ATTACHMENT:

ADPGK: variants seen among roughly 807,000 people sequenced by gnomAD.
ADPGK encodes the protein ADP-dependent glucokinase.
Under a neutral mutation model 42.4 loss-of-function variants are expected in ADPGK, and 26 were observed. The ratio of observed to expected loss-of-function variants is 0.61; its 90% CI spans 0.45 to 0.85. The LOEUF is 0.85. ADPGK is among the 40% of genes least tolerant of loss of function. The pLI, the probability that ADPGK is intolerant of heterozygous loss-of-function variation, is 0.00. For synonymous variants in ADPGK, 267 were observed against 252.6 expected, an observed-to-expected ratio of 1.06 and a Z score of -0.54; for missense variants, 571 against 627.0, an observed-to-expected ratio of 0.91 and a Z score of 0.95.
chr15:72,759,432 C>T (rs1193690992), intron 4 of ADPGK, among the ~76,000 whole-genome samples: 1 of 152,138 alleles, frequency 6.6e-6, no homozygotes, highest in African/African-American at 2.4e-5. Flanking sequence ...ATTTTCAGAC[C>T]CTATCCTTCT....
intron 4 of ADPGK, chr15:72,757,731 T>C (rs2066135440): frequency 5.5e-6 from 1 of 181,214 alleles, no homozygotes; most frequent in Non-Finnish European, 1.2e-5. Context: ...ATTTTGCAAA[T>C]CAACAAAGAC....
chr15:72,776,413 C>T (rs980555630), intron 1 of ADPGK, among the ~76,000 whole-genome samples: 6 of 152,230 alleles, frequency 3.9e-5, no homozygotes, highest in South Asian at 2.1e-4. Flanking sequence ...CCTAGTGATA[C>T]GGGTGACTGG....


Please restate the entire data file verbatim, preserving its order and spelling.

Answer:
ADPGK: variants seen among roughly 807,000 people sequenced by gnomAD.
ADPGK encodes the protein ADP-dependent glucokinase.
Under a neutral mutation model 42.4 loss-of-function variants are expected in ADPGK, and 26 were observed. The ratio of observed to expected loss-of-function variants is 0.61; its 90% CI spans 0.45 to 0.85. The LOEUF is 0.85. ADPGK is among the 40% of genes least tolerant of loss of function. The pLI, the probability that ADPGK is intolerant of heterozygous loss-of-function variation, is 0.00. For synonymous variants in ADPGK, 267 were observed against 252.6 expected, an observed-to-expected ratio of 1.06 and a Z score of -0.54; for missense variants, 571 against 627.0, an observed-to-expected ratio of 0.91 and a Z score of 0.95.
chr15:72,759,432 C>T (rs1193690992), intron 4 of ADPGK, among the ~76,000 whole-genome samples: 1 of 152,138 alleles, frequency 6.6e-6, no homozygotes, highest in African/African-American at 2.4e-5. Flanking sequence ...ATTTTCAGAC[C>T]CTATCCTTCT....
intron 4 of ADPGK, chr15:72,757,731 T>C (rs2066135440): frequency 5.5e-6 from 1 of 181,214 alleles, no homozygotes; most frequent in Non-Finnish European, 1.2e-5. Context: ...ATTTTGCAAA[T>C]CAACAAAGAC....
chr15:72,776,413 C>T (rs980555630), intron 1 of ADPGK, among the ~76,000 whole-genome samples: 6 of 152,230 alleles, frequency 3.9e-5, no homozygotes, highest in South Asian at 2.1e-4. Flanking sequence ...CCTAGTGATA[C>T]GGGTGACTGG....